“She coached us when we were younger and sometimes, it got to be a bit too much. But she wants us to come to her now and ask things if we want to know.”
Trewick said that he is hopeful that Jay’s football experience will help him this basketball season.
“I’m hoping this football thing opens him up a little bit,” Trewick said. “He had a great summer working. He made it to state (tennis) with the team as a No. 3 doubles player and had a good spring basketball.
“He’s really experiencing success. I don’t think Jay realizes how good he can be. He’s yet to figure out that he’s a really good player and coule be a really great player.”
In the spring, the siblings go in different directions with Jay joining the tennis team and Jill returning to the varsity lacrosse team.
“With girls lacrosse, there isn’t too much contact, but it’s fun and you can be aggressive,” Jill said.
Jay is likely to team up with junior Andy Foley as a doubles team again. Foley is also a basketball teammate of Jay’s.
“Andy and I have been friends a long time and it’s fun to see us work together on the court,” Jay said.
“Jay’s got great hands, which makes sense with him being a quarterback and on the basketball team,” Bates said of his tennis skills. “He’s a little more calm or mild mannered, but he gets things done. Part of that calmness helps him through pressure situations.”
Jay and Jill are both good students and said that their parents emphasize that acadmics comes first and athletics second. Ulferts said she is enjoying watching her kids develop through athletics and she’s grown a greater appreciation for high school coaches.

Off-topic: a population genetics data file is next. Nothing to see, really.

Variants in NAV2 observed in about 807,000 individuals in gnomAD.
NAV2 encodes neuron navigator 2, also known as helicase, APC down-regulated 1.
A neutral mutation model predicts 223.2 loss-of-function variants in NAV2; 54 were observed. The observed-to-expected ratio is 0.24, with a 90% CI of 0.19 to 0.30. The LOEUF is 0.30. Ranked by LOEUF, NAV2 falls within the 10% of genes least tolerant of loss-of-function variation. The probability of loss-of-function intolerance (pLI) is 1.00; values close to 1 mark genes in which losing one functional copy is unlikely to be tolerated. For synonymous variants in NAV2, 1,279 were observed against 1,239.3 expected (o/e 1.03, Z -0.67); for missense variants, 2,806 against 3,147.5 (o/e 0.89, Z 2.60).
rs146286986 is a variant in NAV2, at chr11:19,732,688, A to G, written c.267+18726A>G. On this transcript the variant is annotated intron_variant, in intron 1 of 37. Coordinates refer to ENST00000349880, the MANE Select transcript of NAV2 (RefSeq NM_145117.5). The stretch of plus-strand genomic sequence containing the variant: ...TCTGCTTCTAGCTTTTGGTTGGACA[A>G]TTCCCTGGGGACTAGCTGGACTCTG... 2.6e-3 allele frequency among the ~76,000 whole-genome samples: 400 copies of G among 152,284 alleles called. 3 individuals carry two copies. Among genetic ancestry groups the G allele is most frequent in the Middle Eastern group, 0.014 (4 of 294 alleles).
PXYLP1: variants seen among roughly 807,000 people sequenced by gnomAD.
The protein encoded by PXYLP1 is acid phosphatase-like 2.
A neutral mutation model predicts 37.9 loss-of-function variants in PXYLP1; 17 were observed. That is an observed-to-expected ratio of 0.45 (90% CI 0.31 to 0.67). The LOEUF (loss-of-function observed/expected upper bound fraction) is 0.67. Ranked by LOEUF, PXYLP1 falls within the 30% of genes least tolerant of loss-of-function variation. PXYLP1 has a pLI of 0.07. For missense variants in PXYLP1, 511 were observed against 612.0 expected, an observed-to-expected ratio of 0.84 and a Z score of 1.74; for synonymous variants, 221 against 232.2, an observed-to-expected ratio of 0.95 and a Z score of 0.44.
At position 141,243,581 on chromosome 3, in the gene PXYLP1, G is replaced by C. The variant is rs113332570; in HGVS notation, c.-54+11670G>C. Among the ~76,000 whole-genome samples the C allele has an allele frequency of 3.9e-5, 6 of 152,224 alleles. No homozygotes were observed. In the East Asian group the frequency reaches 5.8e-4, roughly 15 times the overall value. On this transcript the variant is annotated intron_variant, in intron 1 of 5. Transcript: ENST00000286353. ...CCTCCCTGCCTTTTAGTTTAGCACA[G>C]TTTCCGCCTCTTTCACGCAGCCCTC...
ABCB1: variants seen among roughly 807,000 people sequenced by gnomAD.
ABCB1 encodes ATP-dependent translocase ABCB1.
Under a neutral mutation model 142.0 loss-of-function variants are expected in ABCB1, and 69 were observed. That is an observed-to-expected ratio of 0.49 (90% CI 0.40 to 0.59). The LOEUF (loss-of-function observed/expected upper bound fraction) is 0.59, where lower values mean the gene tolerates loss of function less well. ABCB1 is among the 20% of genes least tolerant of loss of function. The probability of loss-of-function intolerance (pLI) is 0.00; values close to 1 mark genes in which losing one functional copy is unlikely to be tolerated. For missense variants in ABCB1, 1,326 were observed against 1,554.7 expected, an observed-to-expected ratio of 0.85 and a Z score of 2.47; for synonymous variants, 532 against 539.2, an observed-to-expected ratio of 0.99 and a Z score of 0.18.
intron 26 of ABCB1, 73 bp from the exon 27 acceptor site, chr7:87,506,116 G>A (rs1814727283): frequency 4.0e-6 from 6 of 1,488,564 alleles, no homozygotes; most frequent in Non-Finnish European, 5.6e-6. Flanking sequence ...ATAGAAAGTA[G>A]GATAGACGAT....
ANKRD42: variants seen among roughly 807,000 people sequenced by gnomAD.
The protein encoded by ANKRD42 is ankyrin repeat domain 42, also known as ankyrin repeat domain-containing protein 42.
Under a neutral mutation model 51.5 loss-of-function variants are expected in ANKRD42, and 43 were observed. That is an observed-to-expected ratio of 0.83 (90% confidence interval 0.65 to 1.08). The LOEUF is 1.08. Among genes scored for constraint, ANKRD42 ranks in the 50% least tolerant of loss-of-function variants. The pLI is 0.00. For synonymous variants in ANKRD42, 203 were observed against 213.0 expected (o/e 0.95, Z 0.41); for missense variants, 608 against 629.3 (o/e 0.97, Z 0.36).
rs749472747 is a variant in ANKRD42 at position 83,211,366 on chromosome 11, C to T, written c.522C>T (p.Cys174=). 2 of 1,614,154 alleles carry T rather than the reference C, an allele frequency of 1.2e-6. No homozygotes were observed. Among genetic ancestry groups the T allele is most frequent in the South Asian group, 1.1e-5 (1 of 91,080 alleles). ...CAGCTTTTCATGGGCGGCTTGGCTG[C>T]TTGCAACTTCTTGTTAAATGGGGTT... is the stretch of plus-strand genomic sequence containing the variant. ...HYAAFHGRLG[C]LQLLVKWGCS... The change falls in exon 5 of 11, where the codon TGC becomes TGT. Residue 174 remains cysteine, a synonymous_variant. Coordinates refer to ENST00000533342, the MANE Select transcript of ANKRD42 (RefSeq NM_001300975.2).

“It’s the most fun for me and my husband to watch them,” Ulferts said of her kids playing sports. “All the different teammates on all the different teams are quality people. It’s healthier to be a multi-sport athlete. Kids have plenty of time to play a single sport later.
“We’re very, very lucky that they are able to play at this level in three sports at a school of Tech’s size,” she said. “The high school coaches, I just admire them because they have kids of all different levels of ability and development and they find a way to blend it. Our children are extremely lucky to have the coaches they do.”
The feeling is mutual. Bates and Trewick said that the parents of Jill and Jay are very supportive.
“We’ve very fortunate to have a family like that at our school, whose parents are so supportive of the program and the kids,” Bates said.
“Lori and her husband are active in the booster club and don’t want to mettle,” Trewick said. “It’s a tremendous family with very supportive parents.”